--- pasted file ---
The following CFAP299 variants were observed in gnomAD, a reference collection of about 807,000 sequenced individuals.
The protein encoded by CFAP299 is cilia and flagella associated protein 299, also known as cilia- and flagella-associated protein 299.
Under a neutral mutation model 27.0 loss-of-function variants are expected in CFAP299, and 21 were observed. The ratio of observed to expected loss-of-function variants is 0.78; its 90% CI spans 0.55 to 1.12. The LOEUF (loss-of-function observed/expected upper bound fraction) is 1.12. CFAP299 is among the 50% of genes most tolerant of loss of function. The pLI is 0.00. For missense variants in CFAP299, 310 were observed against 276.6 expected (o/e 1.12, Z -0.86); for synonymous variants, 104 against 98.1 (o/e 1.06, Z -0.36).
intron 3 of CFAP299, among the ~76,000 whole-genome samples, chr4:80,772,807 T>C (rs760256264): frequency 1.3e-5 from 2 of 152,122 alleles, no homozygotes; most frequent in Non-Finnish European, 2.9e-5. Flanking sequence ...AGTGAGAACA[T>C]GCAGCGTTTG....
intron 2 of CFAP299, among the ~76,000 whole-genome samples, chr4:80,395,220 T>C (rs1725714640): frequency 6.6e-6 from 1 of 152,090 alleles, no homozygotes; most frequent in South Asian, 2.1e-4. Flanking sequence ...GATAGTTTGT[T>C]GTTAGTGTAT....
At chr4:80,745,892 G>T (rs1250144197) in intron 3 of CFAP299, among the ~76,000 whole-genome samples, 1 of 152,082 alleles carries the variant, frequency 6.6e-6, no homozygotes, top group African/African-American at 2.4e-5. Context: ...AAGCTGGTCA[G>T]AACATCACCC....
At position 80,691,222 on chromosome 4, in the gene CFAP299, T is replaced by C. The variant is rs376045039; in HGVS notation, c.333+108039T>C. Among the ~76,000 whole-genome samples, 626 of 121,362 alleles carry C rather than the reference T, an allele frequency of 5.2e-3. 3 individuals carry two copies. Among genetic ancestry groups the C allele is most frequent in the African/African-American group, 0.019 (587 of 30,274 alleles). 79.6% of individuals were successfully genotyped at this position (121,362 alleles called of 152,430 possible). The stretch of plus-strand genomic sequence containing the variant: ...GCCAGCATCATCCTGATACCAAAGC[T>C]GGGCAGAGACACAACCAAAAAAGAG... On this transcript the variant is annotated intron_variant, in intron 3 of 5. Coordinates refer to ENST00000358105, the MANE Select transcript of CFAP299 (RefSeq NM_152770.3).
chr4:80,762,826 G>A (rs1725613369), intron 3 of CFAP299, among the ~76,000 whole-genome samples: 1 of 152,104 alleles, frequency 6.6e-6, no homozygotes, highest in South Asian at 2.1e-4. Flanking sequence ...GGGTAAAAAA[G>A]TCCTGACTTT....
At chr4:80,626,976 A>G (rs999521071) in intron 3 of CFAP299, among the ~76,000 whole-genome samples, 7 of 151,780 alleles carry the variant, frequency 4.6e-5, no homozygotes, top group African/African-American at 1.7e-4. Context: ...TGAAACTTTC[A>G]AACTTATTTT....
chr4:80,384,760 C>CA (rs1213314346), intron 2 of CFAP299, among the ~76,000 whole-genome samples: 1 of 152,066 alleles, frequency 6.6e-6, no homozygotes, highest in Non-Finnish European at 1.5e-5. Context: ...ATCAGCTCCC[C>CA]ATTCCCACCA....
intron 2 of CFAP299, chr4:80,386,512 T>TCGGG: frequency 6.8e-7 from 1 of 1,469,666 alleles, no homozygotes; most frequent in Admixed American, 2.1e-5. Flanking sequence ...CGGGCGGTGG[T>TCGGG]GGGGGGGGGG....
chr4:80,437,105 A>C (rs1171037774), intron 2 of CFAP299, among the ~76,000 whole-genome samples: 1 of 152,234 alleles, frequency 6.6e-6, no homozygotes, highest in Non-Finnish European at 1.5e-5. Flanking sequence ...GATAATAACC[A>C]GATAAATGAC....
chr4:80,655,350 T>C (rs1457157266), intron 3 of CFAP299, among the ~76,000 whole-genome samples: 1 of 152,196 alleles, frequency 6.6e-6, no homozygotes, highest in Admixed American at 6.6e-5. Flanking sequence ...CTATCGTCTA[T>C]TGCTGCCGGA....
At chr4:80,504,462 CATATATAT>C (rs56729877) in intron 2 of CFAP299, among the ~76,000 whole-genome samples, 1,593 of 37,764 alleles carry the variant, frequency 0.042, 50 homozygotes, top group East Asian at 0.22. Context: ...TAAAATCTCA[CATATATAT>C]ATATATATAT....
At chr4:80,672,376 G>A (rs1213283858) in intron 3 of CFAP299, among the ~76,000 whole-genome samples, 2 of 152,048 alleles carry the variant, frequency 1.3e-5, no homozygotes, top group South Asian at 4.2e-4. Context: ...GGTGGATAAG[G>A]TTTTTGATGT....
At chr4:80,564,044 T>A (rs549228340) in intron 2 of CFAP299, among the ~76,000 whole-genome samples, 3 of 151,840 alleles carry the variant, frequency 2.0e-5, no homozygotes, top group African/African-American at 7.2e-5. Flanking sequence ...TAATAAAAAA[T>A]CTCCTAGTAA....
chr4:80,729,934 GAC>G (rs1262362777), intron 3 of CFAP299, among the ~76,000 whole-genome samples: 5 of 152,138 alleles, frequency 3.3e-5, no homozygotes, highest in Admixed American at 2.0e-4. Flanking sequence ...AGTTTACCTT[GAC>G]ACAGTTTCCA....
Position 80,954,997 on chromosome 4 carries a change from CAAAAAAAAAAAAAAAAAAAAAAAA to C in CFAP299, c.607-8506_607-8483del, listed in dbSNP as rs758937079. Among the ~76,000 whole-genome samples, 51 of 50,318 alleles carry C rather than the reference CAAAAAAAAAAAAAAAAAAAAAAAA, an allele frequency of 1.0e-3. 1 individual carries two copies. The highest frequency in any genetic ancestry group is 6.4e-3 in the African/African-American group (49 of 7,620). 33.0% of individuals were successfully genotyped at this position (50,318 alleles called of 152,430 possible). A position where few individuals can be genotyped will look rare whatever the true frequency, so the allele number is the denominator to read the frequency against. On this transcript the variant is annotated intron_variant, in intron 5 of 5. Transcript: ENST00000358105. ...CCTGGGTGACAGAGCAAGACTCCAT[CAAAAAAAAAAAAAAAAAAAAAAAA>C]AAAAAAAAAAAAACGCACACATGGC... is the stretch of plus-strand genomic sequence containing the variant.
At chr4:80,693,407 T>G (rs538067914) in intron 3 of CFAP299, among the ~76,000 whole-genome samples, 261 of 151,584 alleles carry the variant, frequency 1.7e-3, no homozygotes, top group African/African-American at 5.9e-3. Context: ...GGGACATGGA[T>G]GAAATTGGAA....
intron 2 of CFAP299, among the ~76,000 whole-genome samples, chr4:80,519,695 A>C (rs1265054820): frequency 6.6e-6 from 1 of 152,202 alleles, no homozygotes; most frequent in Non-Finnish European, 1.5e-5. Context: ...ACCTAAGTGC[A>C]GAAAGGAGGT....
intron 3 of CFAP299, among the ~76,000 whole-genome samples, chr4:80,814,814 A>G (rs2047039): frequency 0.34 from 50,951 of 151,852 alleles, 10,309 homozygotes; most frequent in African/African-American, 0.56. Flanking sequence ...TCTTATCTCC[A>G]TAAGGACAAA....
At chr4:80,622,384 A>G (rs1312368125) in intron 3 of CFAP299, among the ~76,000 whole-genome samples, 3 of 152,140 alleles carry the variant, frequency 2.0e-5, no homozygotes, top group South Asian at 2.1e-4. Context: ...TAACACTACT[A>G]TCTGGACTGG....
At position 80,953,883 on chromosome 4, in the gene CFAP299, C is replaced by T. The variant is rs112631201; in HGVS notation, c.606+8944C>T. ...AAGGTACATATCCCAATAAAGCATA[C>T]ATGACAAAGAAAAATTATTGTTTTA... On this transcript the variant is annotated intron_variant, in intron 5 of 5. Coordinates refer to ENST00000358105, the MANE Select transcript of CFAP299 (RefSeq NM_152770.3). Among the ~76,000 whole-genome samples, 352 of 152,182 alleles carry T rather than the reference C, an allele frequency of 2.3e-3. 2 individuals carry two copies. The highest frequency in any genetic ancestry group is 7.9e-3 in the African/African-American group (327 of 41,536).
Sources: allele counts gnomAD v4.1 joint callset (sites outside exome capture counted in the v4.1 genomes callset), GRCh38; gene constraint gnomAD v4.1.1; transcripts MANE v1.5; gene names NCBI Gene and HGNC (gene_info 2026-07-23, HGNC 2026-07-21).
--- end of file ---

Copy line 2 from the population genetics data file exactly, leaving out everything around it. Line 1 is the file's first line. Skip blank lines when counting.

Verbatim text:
The protein encoded by CFAP299 is cilia and flagella associated protein 299, also known as cilia- and flagella-associated protein 299.